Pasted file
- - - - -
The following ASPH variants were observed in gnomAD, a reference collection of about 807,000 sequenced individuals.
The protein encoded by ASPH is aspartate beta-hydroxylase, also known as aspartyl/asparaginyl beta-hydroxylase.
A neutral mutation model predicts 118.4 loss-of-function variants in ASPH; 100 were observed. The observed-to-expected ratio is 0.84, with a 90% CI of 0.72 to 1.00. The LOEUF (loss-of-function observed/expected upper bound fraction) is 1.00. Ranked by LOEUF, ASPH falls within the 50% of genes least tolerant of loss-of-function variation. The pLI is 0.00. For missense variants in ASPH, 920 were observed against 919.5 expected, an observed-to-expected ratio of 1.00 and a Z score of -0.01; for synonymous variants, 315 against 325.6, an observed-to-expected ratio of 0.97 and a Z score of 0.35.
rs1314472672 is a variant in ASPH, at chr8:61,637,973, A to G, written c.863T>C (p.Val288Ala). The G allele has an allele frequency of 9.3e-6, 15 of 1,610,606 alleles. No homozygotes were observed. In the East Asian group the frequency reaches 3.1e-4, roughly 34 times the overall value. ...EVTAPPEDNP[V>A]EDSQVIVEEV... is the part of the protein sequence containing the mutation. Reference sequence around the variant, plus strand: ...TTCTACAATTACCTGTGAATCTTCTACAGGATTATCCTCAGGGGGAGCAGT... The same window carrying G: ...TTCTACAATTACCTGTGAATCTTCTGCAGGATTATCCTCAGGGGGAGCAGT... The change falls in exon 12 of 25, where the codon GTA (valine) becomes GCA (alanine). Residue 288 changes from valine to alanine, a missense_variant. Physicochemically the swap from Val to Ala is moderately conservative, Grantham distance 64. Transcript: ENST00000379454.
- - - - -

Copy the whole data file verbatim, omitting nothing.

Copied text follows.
The following ASPH variants were observed in gnomAD, a reference collection of about 807,000 sequenced individuals.
The protein encoded by ASPH is aspartate beta-hydroxylase, also known as aspartyl/asparaginyl beta-hydroxylase.
A neutral mutation model predicts 118.4 loss-of-function variants in ASPH; 100 were observed. The observed-to-expected ratio is 0.84, with a 90% CI of 0.72 to 1.00. The LOEUF (loss-of-function observed/expected upper bound fraction) is 1.00. Ranked by LOEUF, ASPH falls within the 50% of genes least tolerant of loss-of-function variation. The pLI is 0.00. For missense variants in ASPH, 920 were observed against 919.5 expected, an observed-to-expected ratio of 1.00 and a Z score of -0.01; for synonymous variants, 315 against 325.6, an observed-to-expected ratio of 0.97 and a Z score of 0.35.
rs1314472672 is a variant in ASPH, at chr8:61,637,973, A to G, written c.863T>C (p.Val288Ala). The G allele has an allele frequency of 9.3e-6, 15 of 1,610,606 alleles. No homozygotes were observed. In the East Asian group the frequency reaches 3.1e-4, roughly 34 times the overall value. ...EVTAPPEDNP[V>A]EDSQVIVEEV... is the part of the protein sequence containing the mutation. Reference sequence around the variant, plus strand: ...TTCTACAATTACCTGTGAATCTTCTACAGGATTATCCTCAGGGGGAGCAGT... The same window carrying G: ...TTCTACAATTACCTGTGAATCTTCTGCAGGATTATCCTCAGGGGGAGCAGT... The change falls in exon 12 of 25, where the codon GTA (valine) becomes GCA (alanine). Residue 288 changes from valine to alanine, a missense_variant. Physicochemically the swap from Val to Ala is moderately conservative, Grantham distance 64. Transcript: ENST00000379454.